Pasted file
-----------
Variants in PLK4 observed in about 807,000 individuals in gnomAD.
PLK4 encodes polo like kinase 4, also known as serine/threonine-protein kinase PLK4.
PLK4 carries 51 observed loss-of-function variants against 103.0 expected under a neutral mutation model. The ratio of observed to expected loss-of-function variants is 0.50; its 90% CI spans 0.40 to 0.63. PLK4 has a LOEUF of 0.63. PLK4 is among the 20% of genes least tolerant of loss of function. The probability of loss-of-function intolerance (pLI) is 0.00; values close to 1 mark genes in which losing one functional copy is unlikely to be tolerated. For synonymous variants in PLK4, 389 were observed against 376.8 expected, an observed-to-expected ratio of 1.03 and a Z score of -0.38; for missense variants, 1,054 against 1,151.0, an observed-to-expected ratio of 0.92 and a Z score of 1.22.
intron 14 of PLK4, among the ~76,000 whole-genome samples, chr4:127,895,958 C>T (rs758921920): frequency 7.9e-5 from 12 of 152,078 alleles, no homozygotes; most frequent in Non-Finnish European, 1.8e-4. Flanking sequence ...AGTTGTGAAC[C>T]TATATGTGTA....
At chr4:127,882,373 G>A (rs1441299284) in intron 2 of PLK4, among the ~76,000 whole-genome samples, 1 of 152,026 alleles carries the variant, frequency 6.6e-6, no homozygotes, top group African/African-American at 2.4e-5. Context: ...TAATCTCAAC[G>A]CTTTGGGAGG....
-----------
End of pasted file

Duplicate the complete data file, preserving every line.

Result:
Variants in PLK4 observed in about 807,000 individuals in gnomAD.
PLK4 encodes polo like kinase 4, also known as serine/threonine-protein kinase PLK4.
PLK4 carries 51 observed loss-of-function variants against 103.0 expected under a neutral mutation model. The ratio of observed to expected loss-of-function variants is 0.50; its 90% CI spans 0.40 to 0.63. PLK4 has a LOEUF of 0.63. PLK4 is among the 20% of genes least tolerant of loss of function. The probability of loss-of-function intolerance (pLI) is 0.00; values close to 1 mark genes in which losing one functional copy is unlikely to be tolerated. For synonymous variants in PLK4, 389 were observed against 376.8 expected, an observed-to-expected ratio of 1.03 and a Z score of -0.38; for missense variants, 1,054 against 1,151.0, an observed-to-expected ratio of 0.92 and a Z score of 1.22.
intron 14 of PLK4, among the ~76,000 whole-genome samples, chr4:127,895,958 C>T (rs758921920): frequency 7.9e-5 from 12 of 152,078 alleles, no homozygotes; most frequent in Non-Finnish European, 1.8e-4. Flanking sequence ...AGTTGTGAAC[C>T]TATATGTGTA....
At chr4:127,882,373 G>A (rs1441299284) in intron 2 of PLK4, among the ~76,000 whole-genome samples, 1 of 152,026 alleles carries the variant, frequency 6.6e-6, no homozygotes, top group African/African-American at 2.4e-5. Context: ...TAATCTCAAC[G>A]CTTTGGGAGG....